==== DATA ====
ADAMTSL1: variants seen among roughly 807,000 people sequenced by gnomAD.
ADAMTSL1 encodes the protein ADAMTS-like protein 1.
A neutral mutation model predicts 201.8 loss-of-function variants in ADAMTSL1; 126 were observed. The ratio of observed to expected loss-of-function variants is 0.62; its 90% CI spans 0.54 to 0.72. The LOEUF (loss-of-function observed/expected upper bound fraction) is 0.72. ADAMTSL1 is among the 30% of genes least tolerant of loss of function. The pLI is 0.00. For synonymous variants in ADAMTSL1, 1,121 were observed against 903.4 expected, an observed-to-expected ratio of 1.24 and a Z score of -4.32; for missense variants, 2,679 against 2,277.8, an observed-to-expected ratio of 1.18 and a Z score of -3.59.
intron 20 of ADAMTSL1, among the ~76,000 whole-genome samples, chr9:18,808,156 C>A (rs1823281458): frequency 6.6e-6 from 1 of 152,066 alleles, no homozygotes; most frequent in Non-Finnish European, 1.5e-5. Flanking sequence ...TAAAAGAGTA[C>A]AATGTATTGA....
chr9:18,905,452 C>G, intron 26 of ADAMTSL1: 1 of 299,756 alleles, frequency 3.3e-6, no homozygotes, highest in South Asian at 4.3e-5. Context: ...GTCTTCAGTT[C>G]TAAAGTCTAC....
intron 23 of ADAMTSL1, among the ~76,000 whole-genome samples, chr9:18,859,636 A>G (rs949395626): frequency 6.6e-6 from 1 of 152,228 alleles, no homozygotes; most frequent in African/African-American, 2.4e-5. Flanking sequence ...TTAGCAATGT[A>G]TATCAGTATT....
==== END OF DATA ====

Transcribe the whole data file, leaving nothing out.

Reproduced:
ADAMTSL1: variants seen among roughly 807,000 people sequenced by gnomAD.
ADAMTSL1 encodes the protein ADAMTS-like protein 1.
A neutral mutation model predicts 201.8 loss-of-function variants in ADAMTSL1; 126 were observed. The ratio of observed to expected loss-of-function variants is 0.62; its 90% CI spans 0.54 to 0.72. The LOEUF (loss-of-function observed/expected upper bound fraction) is 0.72. ADAMTSL1 is among the 30% of genes least tolerant of loss of function. The pLI is 0.00. For synonymous variants in ADAMTSL1, 1,121 were observed against 903.4 expected, an observed-to-expected ratio of 1.24 and a Z score of -4.32; for missense variants, 2,679 against 2,277.8, an observed-to-expected ratio of 1.18 and a Z score of -3.59.
intron 20 of ADAMTSL1, among the ~76,000 whole-genome samples, chr9:18,808,156 C>A (rs1823281458): frequency 6.6e-6 from 1 of 152,066 alleles, no homozygotes; most frequent in Non-Finnish European, 1.5e-5. Flanking sequence ...TAAAAGAGTA[C>A]AATGTATTGA....
chr9:18,905,452 C>G, intron 26 of ADAMTSL1: 1 of 299,756 alleles, frequency 3.3e-6, no homozygotes, highest in South Asian at 4.3e-5. Context: ...GTCTTCAGTT[C>G]TAAAGTCTAC....
intron 23 of ADAMTSL1, among the ~76,000 whole-genome samples, chr9:18,859,636 A>G (rs949395626): frequency 6.6e-6 from 1 of 152,228 alleles, no homozygotes; most frequent in African/African-American, 2.4e-5. Flanking sequence ...TTAGCAATGT[A>G]TATCAGTATT....